Identifying opportunities for youth in agrifood systems in Africa

Identifying opportunities for youth in agrifood systems in Africa

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With a median age of 19, Africa has the youngest population in the world. This demographic dynamism presents a compelling case for governments, international organizations, the private sector, and more to prioritize the creation of professional opportunities for youth across the continent.

At the event convened by the Food and Agriculture Organization of the United Nations, the Southern African Confederation of Agricultural Unions (SACAU), AGRA and the CGIAR Gender Platform as part of the Africa Food Systems Forum (AGRF) 2023, the discussions were centred on not only creating sustainable jobs for youth but also showcasing the myriad opportunities available in the agriculture and agrifood sectors.

“Don’t sell agriculture to the young, sell opportunities. As long as there are opportunities, especially in entrepreneurship, young people will go for it,” said Ishmael Sunga, Chief Executive Officer at SACAU.

Nomathemba Mhlanga, leading FAO’s work on decent employment opportunities in Africa, especially for youth and women, also pointed out that conversations on transforming agrifood systems in Africa must take youth into account.

“Youth are already harnessing opportunities offered. They are at the forefront of the transition, but they are among the most vulnerable groups as they face multiple challenges, especially those brought by climate change. By embracing the skills and ideas of young people, the agriculture sector can transform into a solution for the climate crisis rather than a contributor to the problem,” she said.

Young people set the example

The session saw the participation of young leaders setting the example, such as Daniel Opanga from the United Republic of Tanzania’s Sweet Potato Seed Producers Association, Pauline Lingg from the Ghana Food Movement and William Madudike, President of the Youth Board of the Zimbabwe Farmers Union.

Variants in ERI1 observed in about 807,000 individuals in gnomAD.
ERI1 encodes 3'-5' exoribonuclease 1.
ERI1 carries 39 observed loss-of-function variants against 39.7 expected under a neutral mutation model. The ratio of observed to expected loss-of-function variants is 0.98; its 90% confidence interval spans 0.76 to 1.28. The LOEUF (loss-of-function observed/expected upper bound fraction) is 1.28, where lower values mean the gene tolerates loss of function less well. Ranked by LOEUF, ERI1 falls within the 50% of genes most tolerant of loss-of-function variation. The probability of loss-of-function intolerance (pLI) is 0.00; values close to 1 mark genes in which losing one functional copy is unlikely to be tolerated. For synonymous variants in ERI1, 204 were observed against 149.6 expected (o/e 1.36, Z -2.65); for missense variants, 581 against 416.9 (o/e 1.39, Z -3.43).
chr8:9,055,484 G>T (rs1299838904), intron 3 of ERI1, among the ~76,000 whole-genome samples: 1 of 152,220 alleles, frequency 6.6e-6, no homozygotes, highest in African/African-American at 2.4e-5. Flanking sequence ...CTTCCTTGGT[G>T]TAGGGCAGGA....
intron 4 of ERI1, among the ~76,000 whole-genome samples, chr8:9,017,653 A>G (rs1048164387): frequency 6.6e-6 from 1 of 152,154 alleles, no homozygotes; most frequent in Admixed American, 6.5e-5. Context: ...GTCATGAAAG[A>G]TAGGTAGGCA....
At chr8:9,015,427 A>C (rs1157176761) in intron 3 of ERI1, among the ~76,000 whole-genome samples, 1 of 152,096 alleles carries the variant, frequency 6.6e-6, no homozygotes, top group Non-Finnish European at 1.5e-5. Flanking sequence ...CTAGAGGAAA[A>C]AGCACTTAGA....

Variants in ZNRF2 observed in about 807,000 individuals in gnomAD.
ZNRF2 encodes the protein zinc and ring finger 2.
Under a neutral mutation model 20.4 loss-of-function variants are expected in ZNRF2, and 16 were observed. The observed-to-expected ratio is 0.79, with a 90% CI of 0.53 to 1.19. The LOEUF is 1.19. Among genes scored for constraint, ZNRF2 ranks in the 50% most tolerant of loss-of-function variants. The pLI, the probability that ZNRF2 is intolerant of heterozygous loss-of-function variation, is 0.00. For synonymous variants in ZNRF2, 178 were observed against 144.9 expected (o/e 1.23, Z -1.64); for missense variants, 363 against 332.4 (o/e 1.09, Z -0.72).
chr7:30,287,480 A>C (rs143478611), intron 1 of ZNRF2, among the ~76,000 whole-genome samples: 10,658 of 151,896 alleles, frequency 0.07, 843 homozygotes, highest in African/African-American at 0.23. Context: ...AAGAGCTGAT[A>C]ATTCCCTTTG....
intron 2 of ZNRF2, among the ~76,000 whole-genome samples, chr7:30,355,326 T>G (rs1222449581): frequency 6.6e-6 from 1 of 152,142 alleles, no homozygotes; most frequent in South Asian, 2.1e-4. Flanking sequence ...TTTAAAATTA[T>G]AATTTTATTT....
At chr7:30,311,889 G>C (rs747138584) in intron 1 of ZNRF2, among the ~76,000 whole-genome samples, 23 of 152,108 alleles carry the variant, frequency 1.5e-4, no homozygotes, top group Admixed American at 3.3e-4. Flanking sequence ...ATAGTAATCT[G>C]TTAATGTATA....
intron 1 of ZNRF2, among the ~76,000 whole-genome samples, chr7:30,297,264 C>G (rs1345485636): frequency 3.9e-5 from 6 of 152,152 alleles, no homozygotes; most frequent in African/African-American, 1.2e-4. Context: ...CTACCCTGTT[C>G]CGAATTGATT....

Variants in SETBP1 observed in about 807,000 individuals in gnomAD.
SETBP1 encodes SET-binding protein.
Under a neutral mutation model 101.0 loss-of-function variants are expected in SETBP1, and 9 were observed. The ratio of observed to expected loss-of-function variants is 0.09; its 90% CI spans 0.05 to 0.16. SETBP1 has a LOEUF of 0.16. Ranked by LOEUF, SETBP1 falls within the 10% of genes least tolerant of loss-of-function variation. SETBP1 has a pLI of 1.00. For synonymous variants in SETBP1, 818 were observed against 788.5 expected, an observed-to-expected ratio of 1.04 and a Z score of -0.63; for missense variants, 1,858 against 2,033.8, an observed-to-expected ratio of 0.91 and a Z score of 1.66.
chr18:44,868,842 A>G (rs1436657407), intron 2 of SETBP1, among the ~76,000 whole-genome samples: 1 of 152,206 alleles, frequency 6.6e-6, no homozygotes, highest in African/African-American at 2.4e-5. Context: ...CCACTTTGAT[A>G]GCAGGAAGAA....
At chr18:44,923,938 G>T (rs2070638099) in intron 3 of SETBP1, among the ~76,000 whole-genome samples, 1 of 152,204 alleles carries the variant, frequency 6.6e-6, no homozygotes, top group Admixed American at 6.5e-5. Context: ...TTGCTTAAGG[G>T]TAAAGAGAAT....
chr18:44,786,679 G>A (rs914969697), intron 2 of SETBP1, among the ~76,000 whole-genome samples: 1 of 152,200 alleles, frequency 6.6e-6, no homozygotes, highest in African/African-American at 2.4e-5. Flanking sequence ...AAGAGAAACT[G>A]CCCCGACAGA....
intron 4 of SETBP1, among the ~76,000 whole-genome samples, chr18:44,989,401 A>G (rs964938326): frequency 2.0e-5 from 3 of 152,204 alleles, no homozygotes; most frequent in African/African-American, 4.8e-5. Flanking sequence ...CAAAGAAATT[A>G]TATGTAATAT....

“It’s not about making agriculture sexy or cool. It’s about highlighting the economic opportunities,” Maduduke said.

“Food connects us all here today. It’s powerful, it’s politics. Food is also about employment and the future of youth. Food is a way to connect,” Lingg said.

Daniel Opanga emphasized that every value chain presents a range of opportunities to be seized. For example, the rising demand for byproducts of sweet potatoes creates excellent opportunities for potential new businesses, he said.

Support from institutions

The high-level panel that followed was attended by Hussein Mohamed Omar, Deputy Permanent Secretary, Ministry of Agriculture of the United Republic of Tanzania, Eileen Nchanji from the Alliance of Bioversity International and CIAT, and Edson Mpyisi from the African Development Bank (AfDB).

“Tanzania has three main objectives: increase productivity, increase export value, and create new jobs. Whatever we do for youth, they should be at the centre stage,” Omar said.

Edson Mpyisi said he was pleased to see more and more attention being placed on young people at the AGRF. He also outlined the areas where the AfDB is investing to support young people to become the farmers and agribusiness entrepreneurs of today and tomorrow: improved policies, youth incubation, and access to finance.

Finally, Eileen Nchanji highlighted the crucial role of the private sector in assisting and providing opportunities for young farmers and agripreneurs. “Enough training, let’s invest in projects and help bring them to scale,” she said.

Youth: a cross-cutting theme for FAO

In the FAO Strategic Framework 2022-2031, FAO has highlighted the importance of youth as managers of global and Africa’s agrifood systems. As such, the Organization is working with them to ensure inclusive economic development that is resilient to future crises and shocks and contributes to realizing the Sustainable Development Goals.

The Opportunities for Youth in Africa (OYA) programme, developed jointly with UNIDO, and implemented in collaboration with the African Union Commission (AUC) works to accelerate efforts in job creation for African youth, primarily through agribusiness and entrepreneurship development.

The Integrated Country Approach (ICA) was implemented to boost decent jobs for youth in agrifood systems. The approach emphasizes strengthening the capacities of national institutions responsible for agriculture and labour to promote decent rural employment, including through private-public partnerships and multi-stakeholder mechanisms.

The African Youth Agripreneurs (AYA) platform, an initiative supported by FAO and the East African Farmer Federation (EAFF), encourages experience-sharing, networking and mentorship among young African agripreneurs, as well as access to tools and training. The platform has brought together and engages over 3,000 young people across Africa.

William Madudike received the loudest applause of the session when he said, “One question I often hear is, what are youths bringing to the table? The youths are the table.”


Article from FAO Africa